This is the ONLY Hanger option that will work for vertically oriented pipe.
Once you use the proper option, you can observe that a Riser Clamp will attach to the vertical pipe. This can be seen in the following video.
The second Riser Clamp’s configuration uses the ‘Slide’ option. This allows us to attach it to vertical pipe. This sets us up well for the next issue….oversizing.
Issue #2 – Oversized Riser Clamps
The second issue is that if you set your Insulation Specification’s material to Oversize Hangers, the Riser Clamp will also oversize. This isn’t something you do with a Riser Clamp. Many of us have brought this issue to Autodesk on several occasions, yet they seem to struggle with understanding of our need for an option in this pattern to “ignore” oversize.
Luckily, with a little added work and user intervention, we can work around this. To resolve the issue, create a secondary Riser Insulation Specification with a material that does not oversize hangers.
To do this, you’ll need a duplicate of your Insulation Material. In the image below, we configure the insulation on the right not to oversize for systems where we do not require thermal pipe inserts.
Once you have a secondary Insulation material, you can create the Insulation Specification for the Riser.
Now, all you need to do is override the Insulation Specification on the Riser (vertical pipe) before placing the Riser Clamp. You can see this in the following video.
You can see how the vertical pipe get’s a pipe sized Clamp, where as the horizontal pipe will still oversize because we didn’t change it’s insulation specification.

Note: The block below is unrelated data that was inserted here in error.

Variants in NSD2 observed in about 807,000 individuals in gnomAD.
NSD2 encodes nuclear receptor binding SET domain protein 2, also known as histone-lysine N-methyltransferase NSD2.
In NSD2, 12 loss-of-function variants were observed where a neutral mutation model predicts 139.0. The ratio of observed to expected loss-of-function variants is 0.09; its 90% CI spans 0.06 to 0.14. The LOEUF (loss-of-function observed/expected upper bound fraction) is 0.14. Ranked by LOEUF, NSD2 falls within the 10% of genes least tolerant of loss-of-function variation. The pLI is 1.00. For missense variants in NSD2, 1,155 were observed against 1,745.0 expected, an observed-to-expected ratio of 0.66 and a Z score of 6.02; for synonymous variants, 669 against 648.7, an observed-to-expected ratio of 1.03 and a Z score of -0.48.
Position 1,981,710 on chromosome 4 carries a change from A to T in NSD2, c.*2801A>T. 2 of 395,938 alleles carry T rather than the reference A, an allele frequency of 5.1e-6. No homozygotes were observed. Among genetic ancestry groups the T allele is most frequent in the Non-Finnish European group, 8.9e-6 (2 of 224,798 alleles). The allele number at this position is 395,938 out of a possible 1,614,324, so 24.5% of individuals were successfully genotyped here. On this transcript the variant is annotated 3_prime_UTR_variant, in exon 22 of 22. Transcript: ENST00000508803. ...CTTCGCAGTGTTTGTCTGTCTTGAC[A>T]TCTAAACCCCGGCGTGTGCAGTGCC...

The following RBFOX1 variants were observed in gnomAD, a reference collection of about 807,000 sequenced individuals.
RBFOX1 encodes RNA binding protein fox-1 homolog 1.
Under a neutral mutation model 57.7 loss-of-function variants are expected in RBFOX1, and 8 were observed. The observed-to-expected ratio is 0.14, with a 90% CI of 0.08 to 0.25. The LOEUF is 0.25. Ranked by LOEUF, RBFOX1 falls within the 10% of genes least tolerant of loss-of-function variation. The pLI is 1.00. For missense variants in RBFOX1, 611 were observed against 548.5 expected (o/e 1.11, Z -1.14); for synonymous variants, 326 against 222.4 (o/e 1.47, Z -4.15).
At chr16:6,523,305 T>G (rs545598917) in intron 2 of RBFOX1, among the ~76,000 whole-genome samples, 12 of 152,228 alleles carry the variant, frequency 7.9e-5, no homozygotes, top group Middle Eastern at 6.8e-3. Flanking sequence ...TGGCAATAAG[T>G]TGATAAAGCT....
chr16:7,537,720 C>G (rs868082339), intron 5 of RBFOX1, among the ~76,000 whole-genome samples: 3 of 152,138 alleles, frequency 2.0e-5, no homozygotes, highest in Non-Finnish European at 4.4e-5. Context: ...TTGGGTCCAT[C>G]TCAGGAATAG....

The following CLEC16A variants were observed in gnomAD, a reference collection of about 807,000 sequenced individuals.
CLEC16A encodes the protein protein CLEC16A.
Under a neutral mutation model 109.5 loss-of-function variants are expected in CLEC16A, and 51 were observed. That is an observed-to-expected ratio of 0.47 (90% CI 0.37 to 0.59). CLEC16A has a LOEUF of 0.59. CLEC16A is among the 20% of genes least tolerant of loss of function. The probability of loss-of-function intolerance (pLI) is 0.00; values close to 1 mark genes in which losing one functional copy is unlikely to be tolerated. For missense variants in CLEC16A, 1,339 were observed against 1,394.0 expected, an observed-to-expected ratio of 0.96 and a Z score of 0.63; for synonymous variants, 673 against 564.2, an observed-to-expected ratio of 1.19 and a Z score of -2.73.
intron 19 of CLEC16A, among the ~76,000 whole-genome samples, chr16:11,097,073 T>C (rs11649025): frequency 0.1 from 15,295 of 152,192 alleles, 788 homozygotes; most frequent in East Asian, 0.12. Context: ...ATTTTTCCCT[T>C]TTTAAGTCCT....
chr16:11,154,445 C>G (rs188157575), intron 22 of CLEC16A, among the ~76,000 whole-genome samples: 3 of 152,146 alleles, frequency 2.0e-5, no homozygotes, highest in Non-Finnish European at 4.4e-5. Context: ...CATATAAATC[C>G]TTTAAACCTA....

One of the more annoying things users find with upgrading Autodesk Fabrication is losing their customizations. Things like column configurations in the old version do not magically appear in the new version.
But this problem is actually fairly solvable. You just need to know where to look. And those settings are located in a local folder on your system. They’re USER specific….VERSION specific and PRODUCT specific. Here’s where you’re going to look…
Each user will have a folder for the version and product they’re using. If the Version/Product isn’t there, that means the product is not installed or that combination of Version and Product was not run yet.
So as an example, if you’re using ESTmep 2021 and have your columns all configured, you’ll find that folder. But if you just installed 2024 and not run it yet, ESTmep 2024’s folder may not be there. If it is, the settings will not be the same.
In our theoretical example of upgrading from ESTmep 2021 to ESTmep 2024, you’ll copy the folder/contents from 2021 into 2024. If the ESTmep folder doesn’t exist in 2024, just copy the entire folder.
You can even copy the contents of ESTmep to the CAMduct folder. This would make the column configurations the same for those two product to be the same. You can also copy a product version from one user to another user. Either on the same computer or a complete different computer.